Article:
Dignity and accessibility in Sweden

About 1.5 million people in Sweden have a disability of some kind. The principal goal of Sweden's disability policy has long been to ensure that people in this group have power and influence over their everyday lives. However, a subtle yet important shift is happening: inclusion in society of those with disabilities is now being considered a question of democracy and human rights, rather than viewed in terms of social and welfare policy.

In January 2015, "lack of accessibility" became a new form of discrimination amended into Sweden's Discrimination Act to help those with disabilities to participate in society on equal terms.

Cities in Sweden are now working towards accessibility for all. Borås, a small city in southwest Sweden has become a model for the country, and indeed the rest of the world, having won the Access City Award 2015 from the EU-commission. The award was given for "a comprehensive and strategic approach to creating an accessible city for all; a good example of local action to help removing the many barriers that people with disabilities still face in their daily life."

Stockholm's "Dignified Entrance" project (Värdig Entré) is working to make sure that disabled people can use main entrances to public buildings like everyone else, rather than be forced to use service elevators and back doors.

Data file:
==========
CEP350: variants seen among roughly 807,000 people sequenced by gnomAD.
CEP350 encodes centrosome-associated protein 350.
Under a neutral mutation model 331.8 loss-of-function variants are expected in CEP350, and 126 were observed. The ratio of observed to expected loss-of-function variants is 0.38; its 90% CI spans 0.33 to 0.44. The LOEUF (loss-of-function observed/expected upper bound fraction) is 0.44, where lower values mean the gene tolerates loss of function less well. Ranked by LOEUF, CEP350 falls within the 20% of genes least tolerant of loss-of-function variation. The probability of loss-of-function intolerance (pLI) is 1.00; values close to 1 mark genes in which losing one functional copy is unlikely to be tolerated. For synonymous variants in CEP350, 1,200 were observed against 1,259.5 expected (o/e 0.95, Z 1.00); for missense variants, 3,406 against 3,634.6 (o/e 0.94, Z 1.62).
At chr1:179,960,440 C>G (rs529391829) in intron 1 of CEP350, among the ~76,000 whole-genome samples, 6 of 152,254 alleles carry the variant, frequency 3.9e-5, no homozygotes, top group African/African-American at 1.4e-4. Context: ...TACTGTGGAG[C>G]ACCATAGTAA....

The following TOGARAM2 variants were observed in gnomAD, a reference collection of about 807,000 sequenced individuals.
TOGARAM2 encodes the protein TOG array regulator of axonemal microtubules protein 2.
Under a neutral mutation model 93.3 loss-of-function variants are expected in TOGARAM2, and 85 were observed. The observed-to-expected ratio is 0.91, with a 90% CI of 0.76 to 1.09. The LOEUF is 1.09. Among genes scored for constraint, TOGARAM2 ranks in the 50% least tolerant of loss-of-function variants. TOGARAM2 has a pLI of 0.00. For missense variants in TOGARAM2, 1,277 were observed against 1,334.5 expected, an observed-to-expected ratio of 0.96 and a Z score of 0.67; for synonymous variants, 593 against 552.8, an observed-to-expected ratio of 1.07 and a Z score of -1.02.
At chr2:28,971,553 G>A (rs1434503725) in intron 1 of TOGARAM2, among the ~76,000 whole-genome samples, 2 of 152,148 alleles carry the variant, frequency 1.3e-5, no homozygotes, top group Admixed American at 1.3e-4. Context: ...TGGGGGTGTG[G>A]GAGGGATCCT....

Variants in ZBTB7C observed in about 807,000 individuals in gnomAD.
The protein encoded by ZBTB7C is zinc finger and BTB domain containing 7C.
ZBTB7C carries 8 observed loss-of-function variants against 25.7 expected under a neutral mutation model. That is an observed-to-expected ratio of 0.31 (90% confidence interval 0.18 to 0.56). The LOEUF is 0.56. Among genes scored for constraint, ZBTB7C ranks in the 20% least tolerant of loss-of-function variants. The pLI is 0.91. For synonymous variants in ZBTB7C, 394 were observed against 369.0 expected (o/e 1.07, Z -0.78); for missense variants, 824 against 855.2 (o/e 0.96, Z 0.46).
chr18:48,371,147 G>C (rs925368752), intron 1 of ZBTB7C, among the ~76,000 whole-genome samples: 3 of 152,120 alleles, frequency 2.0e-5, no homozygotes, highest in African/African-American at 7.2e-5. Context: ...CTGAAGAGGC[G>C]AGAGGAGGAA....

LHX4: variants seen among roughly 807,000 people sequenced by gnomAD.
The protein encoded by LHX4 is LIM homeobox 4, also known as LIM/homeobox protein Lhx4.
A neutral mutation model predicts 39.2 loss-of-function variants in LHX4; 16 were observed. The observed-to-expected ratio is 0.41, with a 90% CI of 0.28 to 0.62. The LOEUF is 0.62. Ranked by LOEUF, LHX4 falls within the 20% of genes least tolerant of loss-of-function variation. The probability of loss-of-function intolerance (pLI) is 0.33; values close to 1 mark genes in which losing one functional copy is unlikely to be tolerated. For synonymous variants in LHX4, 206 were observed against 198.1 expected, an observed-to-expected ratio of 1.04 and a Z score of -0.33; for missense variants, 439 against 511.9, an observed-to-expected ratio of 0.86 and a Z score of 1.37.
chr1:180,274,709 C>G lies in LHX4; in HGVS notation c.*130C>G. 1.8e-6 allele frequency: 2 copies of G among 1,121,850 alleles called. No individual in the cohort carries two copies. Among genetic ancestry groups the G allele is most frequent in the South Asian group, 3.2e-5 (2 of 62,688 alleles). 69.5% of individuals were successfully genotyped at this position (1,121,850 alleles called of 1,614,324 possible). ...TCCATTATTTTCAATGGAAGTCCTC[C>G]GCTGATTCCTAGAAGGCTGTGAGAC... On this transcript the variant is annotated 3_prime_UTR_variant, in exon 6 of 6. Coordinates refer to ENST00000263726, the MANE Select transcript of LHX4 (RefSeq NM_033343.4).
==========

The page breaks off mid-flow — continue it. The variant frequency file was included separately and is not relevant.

In Sweden, people with disabilities have the right to personal assistance, free of charge, including a personal assistant, group housing with 24 hour assistance, or other supportive arrangements. This improves immeasurably the quality of life for people with disabilities and their families.

More people live with a disability now than ever before due to our aging societies as well as improved medical treatments helping manage long-term health problems. A majority of people with disabilities develop them over their lifetimes. As Karin Flyckt, the National Coordinator on Disability issues, for the National Board of Health and Welfare reflects, "People with disabilities will grow in number, this we know. It's important to take this question seriously".